UN experts probe $3B cyberattacks

COLOMBIAN MERCENARIES. This 2023 photo provided by a 32-year-old professional soldier from Medellín, Colombia who goes by the call sign Checho shows him in his combat gear in Donbas, eastern Ukraine. Checho says he was struck by fire from a drone during a rescue operation to save a wounded colleague on the front line after three days of heavy fighting with Russian forces. At the hospital in the Kyiv region, Checho found himself with more than 50 other Colombians, most with light injuries sustained while fighting Russian occupation forces in eastern Ukraine’s Donetsk region. They are among hundreds of Colombian veterans who have made the journey to Ukraine to help its forces fight Russia. According to an AP report on Saturday, Feb. 10, 2024, many of them make four times as much as experienced non-commissioned officers in Colombia, or even more. / COURTESY OF CHECHO VIA AP
COLOMBIAN MERCENARIES. This 2023 photo provided by a 32-year-old professional soldier from Medellín, Colombia who goes by the call sign Checho shows him in his combat gear in Donbas, eastern Ukraine. Checho says he was struck by fire from a drone during a rescue operation to save a wounded colleague on the front line after three days of heavy fighting with Russian forces. At the hospital in the Kyiv region, Checho found himself with more than 50 other Colombians, most with light injuries sustained while fighting Russian occupation forces in eastern Ukraine’s Donetsk region. They are among hundreds of Colombian veterans who have made the journey to Ukraine to help its forces fight Russia. According to an AP report on Saturday, Feb. 10, 2024, many of them make four times as much as experienced non-commissioned officers in Colombia, or even more. / COURTESY OF CHECHO VIA AP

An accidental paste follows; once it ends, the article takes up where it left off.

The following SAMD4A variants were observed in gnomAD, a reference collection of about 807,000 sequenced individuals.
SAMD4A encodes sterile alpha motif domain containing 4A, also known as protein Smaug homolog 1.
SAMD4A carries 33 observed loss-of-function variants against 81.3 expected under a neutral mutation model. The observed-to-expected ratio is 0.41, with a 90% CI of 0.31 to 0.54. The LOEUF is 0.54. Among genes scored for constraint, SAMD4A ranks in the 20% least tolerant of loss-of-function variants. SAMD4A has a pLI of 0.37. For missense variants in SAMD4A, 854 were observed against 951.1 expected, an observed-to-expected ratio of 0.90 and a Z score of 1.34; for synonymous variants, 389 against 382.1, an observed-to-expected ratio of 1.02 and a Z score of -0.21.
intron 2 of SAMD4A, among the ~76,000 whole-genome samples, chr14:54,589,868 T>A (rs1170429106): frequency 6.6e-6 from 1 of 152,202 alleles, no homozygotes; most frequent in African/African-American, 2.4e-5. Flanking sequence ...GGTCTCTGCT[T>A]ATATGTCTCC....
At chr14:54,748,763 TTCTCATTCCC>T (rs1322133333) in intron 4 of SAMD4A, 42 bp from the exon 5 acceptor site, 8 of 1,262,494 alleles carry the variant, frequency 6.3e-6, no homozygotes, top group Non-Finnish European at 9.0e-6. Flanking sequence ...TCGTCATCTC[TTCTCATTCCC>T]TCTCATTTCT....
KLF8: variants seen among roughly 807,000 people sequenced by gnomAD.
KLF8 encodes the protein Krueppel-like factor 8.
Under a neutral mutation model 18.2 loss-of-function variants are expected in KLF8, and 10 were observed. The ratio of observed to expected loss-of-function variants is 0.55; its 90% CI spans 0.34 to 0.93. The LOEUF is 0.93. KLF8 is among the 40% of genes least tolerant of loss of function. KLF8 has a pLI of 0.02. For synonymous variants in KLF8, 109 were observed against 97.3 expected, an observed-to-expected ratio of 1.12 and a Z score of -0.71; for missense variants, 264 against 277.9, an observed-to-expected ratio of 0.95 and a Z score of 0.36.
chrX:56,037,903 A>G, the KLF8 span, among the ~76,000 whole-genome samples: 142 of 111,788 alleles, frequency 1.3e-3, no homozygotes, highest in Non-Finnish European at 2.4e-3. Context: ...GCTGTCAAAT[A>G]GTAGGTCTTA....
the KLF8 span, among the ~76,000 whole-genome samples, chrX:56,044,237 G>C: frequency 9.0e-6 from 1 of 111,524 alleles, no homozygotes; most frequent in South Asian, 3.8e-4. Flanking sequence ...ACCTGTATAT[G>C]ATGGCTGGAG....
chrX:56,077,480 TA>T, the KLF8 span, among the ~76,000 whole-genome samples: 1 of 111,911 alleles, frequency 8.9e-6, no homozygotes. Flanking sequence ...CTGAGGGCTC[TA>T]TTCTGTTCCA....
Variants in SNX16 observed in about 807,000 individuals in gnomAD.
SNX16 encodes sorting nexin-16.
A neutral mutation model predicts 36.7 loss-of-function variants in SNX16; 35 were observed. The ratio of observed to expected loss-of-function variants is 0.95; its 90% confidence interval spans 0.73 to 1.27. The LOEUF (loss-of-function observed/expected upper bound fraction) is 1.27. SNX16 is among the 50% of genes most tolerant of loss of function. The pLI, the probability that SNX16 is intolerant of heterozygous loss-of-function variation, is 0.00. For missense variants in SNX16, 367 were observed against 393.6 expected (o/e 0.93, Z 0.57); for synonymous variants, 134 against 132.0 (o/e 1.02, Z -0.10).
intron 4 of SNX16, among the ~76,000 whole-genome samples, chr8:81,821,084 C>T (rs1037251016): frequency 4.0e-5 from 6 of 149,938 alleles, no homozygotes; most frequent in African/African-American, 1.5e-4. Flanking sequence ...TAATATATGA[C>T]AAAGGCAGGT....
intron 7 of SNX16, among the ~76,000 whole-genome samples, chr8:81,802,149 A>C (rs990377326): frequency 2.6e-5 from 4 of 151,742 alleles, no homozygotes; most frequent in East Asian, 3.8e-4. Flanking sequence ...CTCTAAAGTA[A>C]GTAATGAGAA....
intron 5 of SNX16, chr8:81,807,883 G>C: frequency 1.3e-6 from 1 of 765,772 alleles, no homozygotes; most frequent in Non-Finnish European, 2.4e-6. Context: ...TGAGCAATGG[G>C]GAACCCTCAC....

UNITED NATIONS — UN experts say they are investigating 58 suspected North Korean cyberattacks between 2017 and 2023 valued at approximately $3 billion, with the money reportedly being used to help fund its development of weapons of mass destruction.

And the high volume of cyberattacks by North Korean hacking groups who report to the Reconnaissance General Bureau, North Korea’s primary foreign intelligence organization, is reportedly continuing, the panel of experts said in the executive summary of a new report to the UN Security Council obtained Friday, Feb. 9, 2024, by The Associated Press.

The report covering the period from July 2023 to January 2024 and reflecting contributions from unidentified UN member nations and other sources, was sent to the 15-member council as North Korean leader Kim Jong Un has raised tensions in the region. He is threatening to annihilate South Korea if provoked and escalating weapons demonstrations. In response, the United States, South Korea and Japan have strengthened their combined military exercises.

Amid the increased military and political tensions on the Korean Peninsula, the experts said North Korea “continued to flout (UN) sanctions,” further developed its nuclear weapons, and produced nuclear fissile materials — the weapons’ key ingredients.

The experts said a light-water reactor at North Korea’s main nuclear complex at Yongbyon “appeared to be operational.” South Korea’s defense minister said in late December that the reactor would likely be formally operational by the summer, amid suspicions the North may use it as a new source of fissile materials for nuclear weapons.

North Korea has long produced weapons-grade plutonium from its widely known five-megawatt reactor at Yongbyon. The light-water reactor would be an additional source of bomb fuels, and observers say its bigger capacity could allow it to produce more plutonium.

Yongbyon has a uranium enrichment facility as well.

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